According to Ann Arbor.com, members of Michigan militias, including Hutaree have recently helped local law enforcement to find missing persons:

…several Hutaree members were recently involved in searches in Bridgewater Township after two residents went missing in separate incidents. Schiel [seen in photo above, second from left] worked closely with Hutaree members during those searches.

Both missing people were found–unfortunately dead. One, a woman, died from hypothermia (friends said she may have taken too much anti-anxiety medication) and the other, a man, was found in his car dead from carbon monoxide poisoning. The large women on the left side of the above photo is a Hutaree member who helped in the searches, Wendy Lineweaver.

She joined the tightly-knit unit after meeting several members at a Ron Paul rally several years ago in Ann Arbor. Lineweaver opposes surveillance cameras on streets, the use of body scanners at airports and fears the government may microchip people.

“If you really want to try and install a police state in this society, you’re going to hit a brick wall, meaning us,” she said. “That’s what we’re preparing for.”

The group also has a MySpace page and a YouTube channel with lots of videos of people running around in camoflage and shooting off guns.

The Manhattan Declaration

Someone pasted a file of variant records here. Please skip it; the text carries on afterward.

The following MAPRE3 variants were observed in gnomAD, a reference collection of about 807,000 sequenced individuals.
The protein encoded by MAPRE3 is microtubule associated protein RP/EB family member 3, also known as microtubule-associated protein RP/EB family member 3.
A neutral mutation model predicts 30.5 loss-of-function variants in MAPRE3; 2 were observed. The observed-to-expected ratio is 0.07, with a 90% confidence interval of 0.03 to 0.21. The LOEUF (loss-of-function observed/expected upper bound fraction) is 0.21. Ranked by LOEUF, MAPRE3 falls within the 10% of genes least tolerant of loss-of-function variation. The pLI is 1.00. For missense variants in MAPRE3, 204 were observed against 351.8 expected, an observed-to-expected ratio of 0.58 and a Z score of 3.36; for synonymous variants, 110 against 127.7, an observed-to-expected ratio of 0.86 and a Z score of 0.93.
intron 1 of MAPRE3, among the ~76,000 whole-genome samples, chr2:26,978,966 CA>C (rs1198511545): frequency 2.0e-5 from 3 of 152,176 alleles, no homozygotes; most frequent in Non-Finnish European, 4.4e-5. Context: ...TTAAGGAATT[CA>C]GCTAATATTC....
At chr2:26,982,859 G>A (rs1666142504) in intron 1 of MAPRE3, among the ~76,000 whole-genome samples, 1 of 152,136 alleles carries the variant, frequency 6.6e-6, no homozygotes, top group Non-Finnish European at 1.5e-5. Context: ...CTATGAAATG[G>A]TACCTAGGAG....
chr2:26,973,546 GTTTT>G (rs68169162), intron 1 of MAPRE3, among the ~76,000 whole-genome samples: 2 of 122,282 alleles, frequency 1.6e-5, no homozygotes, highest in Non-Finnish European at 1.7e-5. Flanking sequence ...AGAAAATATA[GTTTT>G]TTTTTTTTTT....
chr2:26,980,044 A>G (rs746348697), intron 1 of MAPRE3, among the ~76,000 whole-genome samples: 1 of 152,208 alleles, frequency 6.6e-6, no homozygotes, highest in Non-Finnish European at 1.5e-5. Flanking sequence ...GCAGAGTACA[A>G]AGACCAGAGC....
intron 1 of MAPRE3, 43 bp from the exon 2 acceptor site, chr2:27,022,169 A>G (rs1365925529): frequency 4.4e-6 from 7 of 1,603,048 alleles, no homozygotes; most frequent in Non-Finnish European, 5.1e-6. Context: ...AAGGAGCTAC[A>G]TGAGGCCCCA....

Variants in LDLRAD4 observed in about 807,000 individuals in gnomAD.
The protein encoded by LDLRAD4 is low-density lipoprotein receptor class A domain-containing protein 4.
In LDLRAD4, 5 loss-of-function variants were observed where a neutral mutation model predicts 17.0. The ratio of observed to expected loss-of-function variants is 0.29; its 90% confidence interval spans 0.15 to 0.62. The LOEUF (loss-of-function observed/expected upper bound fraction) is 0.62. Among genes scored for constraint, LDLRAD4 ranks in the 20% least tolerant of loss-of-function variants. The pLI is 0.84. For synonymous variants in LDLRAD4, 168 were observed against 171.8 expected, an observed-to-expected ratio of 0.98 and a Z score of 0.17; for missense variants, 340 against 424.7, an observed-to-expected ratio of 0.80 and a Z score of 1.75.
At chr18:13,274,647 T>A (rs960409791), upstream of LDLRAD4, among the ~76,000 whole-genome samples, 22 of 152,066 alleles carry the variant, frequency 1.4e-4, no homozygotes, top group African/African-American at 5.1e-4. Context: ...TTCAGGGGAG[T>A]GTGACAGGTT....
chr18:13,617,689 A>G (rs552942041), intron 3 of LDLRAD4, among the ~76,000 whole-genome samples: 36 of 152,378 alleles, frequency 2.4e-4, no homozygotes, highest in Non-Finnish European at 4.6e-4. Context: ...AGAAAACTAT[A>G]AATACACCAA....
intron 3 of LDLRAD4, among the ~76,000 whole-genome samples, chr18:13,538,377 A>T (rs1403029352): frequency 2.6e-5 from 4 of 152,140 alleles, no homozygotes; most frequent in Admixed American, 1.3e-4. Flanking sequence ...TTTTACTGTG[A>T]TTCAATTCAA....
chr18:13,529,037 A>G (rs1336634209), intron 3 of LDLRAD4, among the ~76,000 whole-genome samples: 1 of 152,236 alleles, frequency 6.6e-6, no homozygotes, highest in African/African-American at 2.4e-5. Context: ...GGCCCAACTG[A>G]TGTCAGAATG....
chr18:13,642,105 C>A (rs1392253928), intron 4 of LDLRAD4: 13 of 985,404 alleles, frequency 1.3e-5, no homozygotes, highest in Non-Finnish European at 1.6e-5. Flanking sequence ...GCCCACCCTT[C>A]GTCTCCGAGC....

Have you heard about The Manhattan Declaration? This “declaration” claims that the U.S. is a Christian nation, founded on “Christian principles.” The main focus of the declaration is on eliminating abortion and stopping gay sex and gay marriage. I don’t recall either of those “principles” being mentioned in the New Testament, do you? Here’s a brief excerpt from the lengthy manifesto:

It is ironic that those who today assert a right to kill the unborn, aged and disabled and also a right to engage in immoral sexual practices, and even a right to have relationships integrated around these practices be recognized and blessed by law—such persons claiming these “rights” are very often in the vanguard of those who would trample upon the freedom of others to express their religious and moral commitments to the sanctity of life and to the dignity of marriage as the conjugal union of husband and wife.

We see this, for example, in the effort to weaken or eliminate conscience clauses, and therefore to compel pro-life institutions (including religiously affiliated hospitals and clinics), and pro-life physicians, surgeons, nurses, and other health care professionals, to refer for abortions and, in certain cases, even to perform or participate in abortions. We see it in the use of anti-discrimination statutes to force religious institutions, businesses, and service providers of various sorts to comply with activities they judge to be deeply immoral or go out of business…. In Canada and some European nations, Christian clergy have been prosecuted for preaching Biblical norms against the practice of homosexuality. New hate-crime laws in America raise the specter of the same practice here.